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|Titre :||ERNWACA News Issue 1th|
|Type de document : ||texte imprimé|
|Auteurs : ||ERNWACA , Auteur|
|Langues :||Anglais (eng)|
|Résumé : ||ERNWACA NEWS No. 1 15 Jan. 2003|
1. National Activities – Cote d’Ivoire
2. Regional Activities – Research methods handbook; International teacher training network
3. Research – PTAs in Gambia; teaching training in Gambia; sector analysis
1. National Activities – COTE D’IVOIRE (CI)
• Country Status Reports – ERNWACA Cote d’Ivoire organized in June 2002 an informational meeting for researchers and practitioners on country status reports (CSRs, or "RESENs" in French) being prepared by World Bank staff in collaboration with national teams in several African countries. The objective of these studies is to enhance the knowledge base for policy development in the education sector, particularly in the context the Heavily Indebted Poor Countries (HIPC) Initiative and Poverty Reduction Strategy Papers (PRSPs). The CSRs are diagnostic documents that seek, not to provide solutions, but to identify key education issues and stimulate broad national dialogue around the way forward. Special analysis techniques are used to understand issues of equity in schooling and in the distribution of public resources for education. Dr. Raoul Kone, education professor at University of Abidjan’s teacher training college in Cote d’Ivoire, led the informational session. Click for CSR for Benin: http://www.worldbank.org/wbi/hdforprsp/pdf/readingspdf/RESEN0.pdf (English/French).
• Meeting of national coordinating committee – ERNWACA-CI national coordinating committee members met in July to assess 2001-02 activities and discuss perspectives going forward. Members decided to share responsibility for major thematic issues as follows: Mawa Coulibaly and Awa Cisse Toure, gender and education; Emile Bih, research methods, education finance and management; François-Joseph Azoh, HIV/AIDS and education, Solange Zehia, new member identification, member profile updates, and collection of dues. Member Djeneba DOUMBIA is working on issues related to education in times of crisis and education for peace. A general assembly is planned for February/March 2003.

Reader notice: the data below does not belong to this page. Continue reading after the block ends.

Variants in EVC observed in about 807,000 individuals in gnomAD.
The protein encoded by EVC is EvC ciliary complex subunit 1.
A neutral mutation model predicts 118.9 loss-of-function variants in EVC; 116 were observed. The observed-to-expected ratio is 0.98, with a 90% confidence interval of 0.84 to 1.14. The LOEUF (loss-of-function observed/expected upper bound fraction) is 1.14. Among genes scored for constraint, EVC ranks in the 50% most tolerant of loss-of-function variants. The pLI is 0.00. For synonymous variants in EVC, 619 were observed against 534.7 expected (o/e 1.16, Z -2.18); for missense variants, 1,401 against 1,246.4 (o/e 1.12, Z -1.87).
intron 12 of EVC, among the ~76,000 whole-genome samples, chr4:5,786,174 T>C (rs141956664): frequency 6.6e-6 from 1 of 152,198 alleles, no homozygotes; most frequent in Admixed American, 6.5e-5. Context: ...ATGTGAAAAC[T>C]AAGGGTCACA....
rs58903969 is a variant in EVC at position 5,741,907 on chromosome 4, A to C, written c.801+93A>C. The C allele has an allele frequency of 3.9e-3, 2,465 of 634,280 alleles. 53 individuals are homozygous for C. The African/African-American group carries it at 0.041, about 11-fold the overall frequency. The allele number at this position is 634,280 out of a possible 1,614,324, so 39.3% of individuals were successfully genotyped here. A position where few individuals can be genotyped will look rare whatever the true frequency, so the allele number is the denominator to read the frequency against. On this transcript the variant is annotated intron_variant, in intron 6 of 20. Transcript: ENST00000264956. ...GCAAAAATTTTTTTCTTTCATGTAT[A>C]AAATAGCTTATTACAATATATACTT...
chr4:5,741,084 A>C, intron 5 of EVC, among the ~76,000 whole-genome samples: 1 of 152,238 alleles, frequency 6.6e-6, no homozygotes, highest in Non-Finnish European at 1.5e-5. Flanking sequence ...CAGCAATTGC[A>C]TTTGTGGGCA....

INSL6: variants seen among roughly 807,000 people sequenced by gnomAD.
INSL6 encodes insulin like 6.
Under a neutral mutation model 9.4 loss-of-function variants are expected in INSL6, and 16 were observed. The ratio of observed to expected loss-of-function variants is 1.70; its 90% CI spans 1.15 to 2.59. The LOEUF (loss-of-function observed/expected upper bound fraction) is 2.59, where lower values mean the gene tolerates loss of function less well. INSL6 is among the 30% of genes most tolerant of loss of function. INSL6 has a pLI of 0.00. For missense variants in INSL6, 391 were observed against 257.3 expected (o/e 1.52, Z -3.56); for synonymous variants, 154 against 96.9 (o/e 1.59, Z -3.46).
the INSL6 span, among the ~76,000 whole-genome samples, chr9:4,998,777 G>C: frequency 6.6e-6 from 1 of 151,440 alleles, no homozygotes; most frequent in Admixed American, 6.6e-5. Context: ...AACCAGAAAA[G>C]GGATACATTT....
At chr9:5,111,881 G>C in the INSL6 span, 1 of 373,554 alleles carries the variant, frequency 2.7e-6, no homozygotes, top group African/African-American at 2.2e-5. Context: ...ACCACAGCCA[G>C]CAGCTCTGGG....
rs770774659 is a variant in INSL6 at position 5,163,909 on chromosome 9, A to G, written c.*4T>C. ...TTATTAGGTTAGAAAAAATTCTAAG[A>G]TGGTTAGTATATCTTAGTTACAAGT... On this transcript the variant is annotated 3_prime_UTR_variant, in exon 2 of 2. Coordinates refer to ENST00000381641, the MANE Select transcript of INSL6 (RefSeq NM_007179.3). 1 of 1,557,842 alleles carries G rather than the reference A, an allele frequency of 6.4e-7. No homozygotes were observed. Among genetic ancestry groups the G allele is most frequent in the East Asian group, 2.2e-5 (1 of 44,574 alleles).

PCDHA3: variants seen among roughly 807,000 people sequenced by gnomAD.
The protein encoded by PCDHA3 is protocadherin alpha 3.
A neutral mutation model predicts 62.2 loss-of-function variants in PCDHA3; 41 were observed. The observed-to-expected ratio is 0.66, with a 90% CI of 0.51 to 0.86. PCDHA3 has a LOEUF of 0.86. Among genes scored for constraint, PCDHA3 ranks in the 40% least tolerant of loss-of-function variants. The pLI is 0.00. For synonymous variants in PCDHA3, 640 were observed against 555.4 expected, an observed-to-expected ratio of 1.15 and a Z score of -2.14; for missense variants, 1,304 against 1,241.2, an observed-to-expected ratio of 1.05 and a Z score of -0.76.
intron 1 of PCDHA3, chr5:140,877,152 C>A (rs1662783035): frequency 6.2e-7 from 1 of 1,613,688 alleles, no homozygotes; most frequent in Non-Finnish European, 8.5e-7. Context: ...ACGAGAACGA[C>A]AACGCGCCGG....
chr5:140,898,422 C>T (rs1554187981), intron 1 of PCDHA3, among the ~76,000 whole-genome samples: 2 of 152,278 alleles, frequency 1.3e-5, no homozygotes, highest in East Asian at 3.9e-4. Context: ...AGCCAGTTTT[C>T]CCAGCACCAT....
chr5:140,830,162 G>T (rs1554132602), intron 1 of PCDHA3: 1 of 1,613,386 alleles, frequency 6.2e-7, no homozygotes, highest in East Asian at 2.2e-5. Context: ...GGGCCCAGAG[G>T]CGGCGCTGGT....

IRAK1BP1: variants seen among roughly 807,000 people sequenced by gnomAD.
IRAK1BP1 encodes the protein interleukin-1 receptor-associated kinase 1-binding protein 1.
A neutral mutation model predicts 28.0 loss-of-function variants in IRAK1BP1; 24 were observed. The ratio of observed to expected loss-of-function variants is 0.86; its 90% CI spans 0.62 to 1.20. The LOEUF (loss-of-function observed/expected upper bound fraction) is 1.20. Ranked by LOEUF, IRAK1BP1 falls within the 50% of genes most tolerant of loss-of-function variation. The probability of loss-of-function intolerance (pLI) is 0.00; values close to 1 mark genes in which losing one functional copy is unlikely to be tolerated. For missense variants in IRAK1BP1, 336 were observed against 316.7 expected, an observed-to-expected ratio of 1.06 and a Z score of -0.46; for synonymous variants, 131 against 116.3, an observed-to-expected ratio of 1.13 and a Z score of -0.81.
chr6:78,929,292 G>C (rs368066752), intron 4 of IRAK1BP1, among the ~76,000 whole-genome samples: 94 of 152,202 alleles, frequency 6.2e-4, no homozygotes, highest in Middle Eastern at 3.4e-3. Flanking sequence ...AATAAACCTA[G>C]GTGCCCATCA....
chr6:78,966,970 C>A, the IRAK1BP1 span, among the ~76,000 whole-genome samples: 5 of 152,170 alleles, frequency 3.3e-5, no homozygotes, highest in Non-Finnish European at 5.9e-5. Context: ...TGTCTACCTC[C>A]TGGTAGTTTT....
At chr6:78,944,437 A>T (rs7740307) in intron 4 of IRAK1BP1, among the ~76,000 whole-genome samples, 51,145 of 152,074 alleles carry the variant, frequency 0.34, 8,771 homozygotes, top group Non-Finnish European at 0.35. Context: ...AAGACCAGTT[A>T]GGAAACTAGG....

• Contact – ERNWACA-Cote d’Ivoire, 22 BP 1012, Abidjan, tel.: (225) 22 44 31 10 / 22 44 43 23,
fax: (225) 22 44 42 32, e-mail: email@example.com.
2. Regional Activities
• Development of research methods handbook – Researchers and education practitioners from Burkina Faso, Cote d’Ivoire, Ghana, Mali, Niger and Togo participated in a Writers’ Workshop in Ouagadougou from November 25-29, 2002 to launch the development of a handbook on education research. Convinced of the need to conduct research that will improve the quality of education, ERNWACA seeks to produce a tool to help researchers and practitioners undertake action-research together, based on African realities. The Minister of Elementary Education and Literacy of Burkina Faso, himself a leading member of ERNWACA, opened the workshop and explained how the ERNWACA initiative will contribute to building national and regional capacity in education research. ERNWACA organized the workshop in collaboration with the Paul-Gerin-Lajoie Interuniversity Center for international development in education, University of Quebec at Montreal (UQAM). The UEMOA sent an education advisor to participate in the workshop as a resource person. Click for more information: